Pygmalion

George Bernard Shaw
Headlong, Nuffield Southampton Theatre and West Yorkshire Playhouse
Everyman, Cheltenham

Say after me: Eliza in the sound box tutored by Higgins Credit: West Yorkshire Playhouse
Woman's world - Mrs Higgins presides over her son, Col. Pickering and Alfred Doolittle Credit: West Yorkshire Playhouse
Choosing her own way: Eliza stands up to the Professor Credit: West Yorkshire Playhouse

Forget My Fair Lady. No Rain in Spain, and hurricanes in Hampshire never happen.

Despite its distinctly quirky appearance, this Pygmalion preserves instead most of George Bernard Shaw's original script for his 1912 play, not his screen version for the 1938 film.

Shaw had written earlier about the difficulty of putting his work on the stage, but that was a century before today’s technology. And by George, there’s technology here to excess.

There are surtitles, loops that repeat or speed up lines, sound distortions and video sequences, including the only song in the show as the delightful Natalie Gavin’s Eliza sings wistfully of “a room somewhere.”

It’s the single lift from the film, and significantly the most enjoyable part of the evening.

The latter opens onto the reverse of a stage backdrop behind which a director can be heard giving muffled instructions as she assigns parts for a play-reading.

Then, more than 100 taped voices, in accents from Estuary to country estate, replace those of actors lip-syncing the first act. It all sounds horribly am-dram and, as in the play that went wrong; on press night the effect was exacerbated by a scenery problem that seemed to force an early interval, and poor lighting that meant Eliza’s face was hidden in shadow for much of her final, stirring speech of self-assertion.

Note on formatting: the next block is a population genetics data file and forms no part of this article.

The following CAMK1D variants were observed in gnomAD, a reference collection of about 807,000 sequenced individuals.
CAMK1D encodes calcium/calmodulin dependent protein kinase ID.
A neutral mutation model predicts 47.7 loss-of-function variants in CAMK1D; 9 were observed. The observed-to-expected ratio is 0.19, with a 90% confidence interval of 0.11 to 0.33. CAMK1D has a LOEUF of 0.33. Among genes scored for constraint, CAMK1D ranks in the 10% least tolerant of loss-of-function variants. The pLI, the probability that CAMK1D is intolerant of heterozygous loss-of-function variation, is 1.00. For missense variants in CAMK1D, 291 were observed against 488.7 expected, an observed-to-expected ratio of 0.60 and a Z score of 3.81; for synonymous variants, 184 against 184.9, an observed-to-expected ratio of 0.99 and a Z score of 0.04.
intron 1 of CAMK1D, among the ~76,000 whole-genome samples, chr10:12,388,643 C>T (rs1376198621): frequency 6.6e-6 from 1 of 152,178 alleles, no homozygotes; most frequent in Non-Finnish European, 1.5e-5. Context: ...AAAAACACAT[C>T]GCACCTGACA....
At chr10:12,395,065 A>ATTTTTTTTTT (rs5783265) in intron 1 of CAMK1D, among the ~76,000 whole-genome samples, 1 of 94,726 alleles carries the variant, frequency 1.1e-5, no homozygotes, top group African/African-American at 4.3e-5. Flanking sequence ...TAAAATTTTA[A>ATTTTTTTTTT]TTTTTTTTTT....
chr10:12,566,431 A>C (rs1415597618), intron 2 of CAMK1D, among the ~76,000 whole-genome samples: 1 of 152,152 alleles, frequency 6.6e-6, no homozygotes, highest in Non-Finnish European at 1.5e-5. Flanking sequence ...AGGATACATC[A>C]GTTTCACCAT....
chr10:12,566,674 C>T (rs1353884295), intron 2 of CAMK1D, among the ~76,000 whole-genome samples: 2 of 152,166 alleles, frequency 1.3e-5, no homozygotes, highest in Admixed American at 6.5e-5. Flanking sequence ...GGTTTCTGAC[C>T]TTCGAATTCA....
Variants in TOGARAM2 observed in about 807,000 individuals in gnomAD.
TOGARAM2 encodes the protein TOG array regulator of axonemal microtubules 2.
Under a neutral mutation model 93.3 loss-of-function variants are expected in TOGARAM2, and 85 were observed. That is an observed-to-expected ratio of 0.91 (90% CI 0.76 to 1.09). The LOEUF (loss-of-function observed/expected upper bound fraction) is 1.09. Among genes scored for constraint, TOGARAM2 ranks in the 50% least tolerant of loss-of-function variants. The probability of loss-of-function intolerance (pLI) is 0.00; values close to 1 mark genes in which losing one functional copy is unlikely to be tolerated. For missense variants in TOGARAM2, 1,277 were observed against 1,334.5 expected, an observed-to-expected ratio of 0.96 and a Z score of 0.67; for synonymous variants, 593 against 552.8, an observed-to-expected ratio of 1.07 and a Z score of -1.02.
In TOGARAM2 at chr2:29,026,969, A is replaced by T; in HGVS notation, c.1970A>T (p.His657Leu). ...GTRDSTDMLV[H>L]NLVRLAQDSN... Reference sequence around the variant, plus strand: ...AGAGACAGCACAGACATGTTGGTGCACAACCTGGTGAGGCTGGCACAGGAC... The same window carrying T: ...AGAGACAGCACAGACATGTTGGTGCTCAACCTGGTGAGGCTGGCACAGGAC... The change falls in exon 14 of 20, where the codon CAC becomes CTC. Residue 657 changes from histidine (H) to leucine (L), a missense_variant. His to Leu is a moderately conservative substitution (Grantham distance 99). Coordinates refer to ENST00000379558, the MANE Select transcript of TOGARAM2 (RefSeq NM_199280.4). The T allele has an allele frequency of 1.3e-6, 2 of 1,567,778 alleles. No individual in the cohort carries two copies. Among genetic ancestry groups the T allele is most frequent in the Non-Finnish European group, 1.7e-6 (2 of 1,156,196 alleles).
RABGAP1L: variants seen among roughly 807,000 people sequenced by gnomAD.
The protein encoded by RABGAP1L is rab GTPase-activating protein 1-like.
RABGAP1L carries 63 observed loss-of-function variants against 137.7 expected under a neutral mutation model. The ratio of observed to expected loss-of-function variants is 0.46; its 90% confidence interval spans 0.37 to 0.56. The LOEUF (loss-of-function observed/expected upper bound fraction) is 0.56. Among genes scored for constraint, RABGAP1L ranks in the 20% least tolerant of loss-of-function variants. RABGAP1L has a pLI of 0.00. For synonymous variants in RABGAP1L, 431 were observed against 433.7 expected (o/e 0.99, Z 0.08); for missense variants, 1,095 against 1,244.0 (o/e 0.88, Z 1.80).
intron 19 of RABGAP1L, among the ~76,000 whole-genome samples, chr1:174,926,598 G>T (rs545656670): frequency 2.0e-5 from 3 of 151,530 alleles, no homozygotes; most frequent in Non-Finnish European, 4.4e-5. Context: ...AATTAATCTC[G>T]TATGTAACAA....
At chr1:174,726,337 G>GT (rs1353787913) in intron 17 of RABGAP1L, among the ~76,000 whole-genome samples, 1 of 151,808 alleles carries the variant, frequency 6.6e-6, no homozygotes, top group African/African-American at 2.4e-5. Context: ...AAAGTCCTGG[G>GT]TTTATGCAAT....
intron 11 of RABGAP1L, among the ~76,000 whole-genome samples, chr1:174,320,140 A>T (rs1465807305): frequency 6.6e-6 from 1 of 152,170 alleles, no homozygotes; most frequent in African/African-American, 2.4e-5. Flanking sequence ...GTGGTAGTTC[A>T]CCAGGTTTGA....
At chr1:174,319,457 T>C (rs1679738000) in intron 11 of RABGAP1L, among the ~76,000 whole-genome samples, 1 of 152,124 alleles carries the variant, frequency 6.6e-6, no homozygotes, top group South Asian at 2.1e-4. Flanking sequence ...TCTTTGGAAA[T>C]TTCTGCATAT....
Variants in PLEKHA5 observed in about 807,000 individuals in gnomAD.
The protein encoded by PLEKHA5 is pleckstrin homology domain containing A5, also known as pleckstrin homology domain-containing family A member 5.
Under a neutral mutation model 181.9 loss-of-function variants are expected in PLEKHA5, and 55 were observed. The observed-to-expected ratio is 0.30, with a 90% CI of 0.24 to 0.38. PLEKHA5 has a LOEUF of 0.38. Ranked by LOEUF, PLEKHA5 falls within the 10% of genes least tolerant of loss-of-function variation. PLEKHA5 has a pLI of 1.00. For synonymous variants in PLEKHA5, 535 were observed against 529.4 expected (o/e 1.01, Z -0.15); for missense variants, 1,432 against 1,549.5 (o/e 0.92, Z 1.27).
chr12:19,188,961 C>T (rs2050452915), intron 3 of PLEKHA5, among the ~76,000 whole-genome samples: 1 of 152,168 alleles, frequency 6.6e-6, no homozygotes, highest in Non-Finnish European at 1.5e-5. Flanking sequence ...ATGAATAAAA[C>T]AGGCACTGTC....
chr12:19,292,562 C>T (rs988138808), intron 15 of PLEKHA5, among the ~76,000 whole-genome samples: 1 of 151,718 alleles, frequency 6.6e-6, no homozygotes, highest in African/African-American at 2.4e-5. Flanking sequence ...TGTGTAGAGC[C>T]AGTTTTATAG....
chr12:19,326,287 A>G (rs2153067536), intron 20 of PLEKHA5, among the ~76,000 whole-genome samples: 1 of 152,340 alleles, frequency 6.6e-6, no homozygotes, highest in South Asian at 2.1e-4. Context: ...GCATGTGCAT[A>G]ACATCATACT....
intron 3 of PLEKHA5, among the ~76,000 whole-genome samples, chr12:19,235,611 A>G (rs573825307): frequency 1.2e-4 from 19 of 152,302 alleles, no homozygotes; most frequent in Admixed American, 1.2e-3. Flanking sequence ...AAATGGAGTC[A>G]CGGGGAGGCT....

Ignore the tricksy bits and there were moments to savour. My fondest image is of Gavin, the “squashed cabbage leaf” turned into a fine lady, sitting awkwardly alone, wondering to which world she belongs, worlds vividly embodied by Ian Burfield as Alfred Doolittle and Liza Sadovy as Mrs Higgins.

Alex Beckett is a charmless Higgins, experimenting on Eliza with the glee of an amateur dentist. Language = class = power, director Sam Pritchard no doubt intends, but it seemed bizarre nevertheless that this professor of phonetics should not himself speak with the rounded vowels he so meticulously manipulates, or that he should do a turn as a manic rap DJ. Raphael Sowole on the other hand seemed so concerned to speak Colonel Pickering's lines with Received Pronunciation that he omitted to act.

The production is full of ideas and a valiant attempt to update a Classic. Sadly, many of them are bad ones, and valour is not always victorious.

Reviewer: Colin Davison